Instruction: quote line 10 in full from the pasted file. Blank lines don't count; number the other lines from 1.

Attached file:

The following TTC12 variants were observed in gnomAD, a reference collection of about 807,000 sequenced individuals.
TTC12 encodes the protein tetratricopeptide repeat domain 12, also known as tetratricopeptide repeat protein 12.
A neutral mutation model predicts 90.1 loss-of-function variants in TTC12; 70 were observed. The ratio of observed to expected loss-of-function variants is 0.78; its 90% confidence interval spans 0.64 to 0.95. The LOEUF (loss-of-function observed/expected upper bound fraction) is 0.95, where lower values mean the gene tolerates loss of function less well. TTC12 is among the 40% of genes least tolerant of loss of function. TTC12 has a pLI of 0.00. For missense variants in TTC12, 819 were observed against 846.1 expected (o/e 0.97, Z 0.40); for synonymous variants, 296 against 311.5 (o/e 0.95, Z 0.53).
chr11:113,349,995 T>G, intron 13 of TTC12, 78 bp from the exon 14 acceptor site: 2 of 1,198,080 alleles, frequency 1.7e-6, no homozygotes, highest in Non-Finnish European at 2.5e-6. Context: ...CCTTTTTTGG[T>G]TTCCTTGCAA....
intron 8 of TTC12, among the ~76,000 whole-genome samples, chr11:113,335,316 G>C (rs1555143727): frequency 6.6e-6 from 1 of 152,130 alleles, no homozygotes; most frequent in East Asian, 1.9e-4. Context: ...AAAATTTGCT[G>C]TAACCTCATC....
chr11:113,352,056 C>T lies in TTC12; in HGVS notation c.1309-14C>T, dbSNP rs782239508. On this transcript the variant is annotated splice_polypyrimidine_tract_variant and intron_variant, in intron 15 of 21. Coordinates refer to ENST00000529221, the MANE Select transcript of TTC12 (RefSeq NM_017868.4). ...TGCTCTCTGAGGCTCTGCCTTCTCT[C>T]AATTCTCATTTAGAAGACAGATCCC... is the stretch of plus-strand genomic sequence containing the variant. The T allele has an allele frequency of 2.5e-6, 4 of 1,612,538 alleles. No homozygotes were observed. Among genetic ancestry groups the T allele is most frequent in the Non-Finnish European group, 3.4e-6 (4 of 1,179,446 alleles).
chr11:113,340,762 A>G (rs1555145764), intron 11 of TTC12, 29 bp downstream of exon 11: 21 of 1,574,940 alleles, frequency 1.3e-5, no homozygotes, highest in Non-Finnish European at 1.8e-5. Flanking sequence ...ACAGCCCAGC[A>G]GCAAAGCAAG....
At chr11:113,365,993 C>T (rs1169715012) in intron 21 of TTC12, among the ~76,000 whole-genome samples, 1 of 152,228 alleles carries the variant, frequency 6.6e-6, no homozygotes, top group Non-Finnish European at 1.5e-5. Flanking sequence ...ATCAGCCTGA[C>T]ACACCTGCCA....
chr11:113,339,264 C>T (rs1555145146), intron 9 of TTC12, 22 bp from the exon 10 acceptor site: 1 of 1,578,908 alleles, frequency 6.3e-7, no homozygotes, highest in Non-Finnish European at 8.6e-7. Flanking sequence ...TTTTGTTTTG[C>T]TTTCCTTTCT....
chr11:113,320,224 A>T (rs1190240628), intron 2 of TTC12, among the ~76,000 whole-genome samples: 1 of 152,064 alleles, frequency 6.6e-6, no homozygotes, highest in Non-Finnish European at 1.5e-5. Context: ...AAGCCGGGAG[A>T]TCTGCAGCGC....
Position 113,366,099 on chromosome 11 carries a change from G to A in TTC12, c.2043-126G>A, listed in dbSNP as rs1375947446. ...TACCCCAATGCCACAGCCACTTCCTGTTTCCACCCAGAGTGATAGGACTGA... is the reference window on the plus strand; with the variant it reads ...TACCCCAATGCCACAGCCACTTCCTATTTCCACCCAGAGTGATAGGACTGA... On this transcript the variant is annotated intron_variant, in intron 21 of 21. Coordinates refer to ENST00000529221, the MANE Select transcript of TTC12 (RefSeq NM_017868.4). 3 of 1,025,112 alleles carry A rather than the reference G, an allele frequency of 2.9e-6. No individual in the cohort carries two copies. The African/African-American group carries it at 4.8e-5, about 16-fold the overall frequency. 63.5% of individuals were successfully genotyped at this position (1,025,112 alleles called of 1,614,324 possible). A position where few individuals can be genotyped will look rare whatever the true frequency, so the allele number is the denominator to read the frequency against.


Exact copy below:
chr11:113,320,224 A>T (rs1190240628), intron 2 of TTC12, among the ~76,000 whole-genome samples: 1 of 152,064 alleles, frequency 6.6e-6, no homozygotes, highest in Non-Finnish European at 1.5e-5. Context: ...AAGCCGGGAG[A>T]TCTGCAGCGC....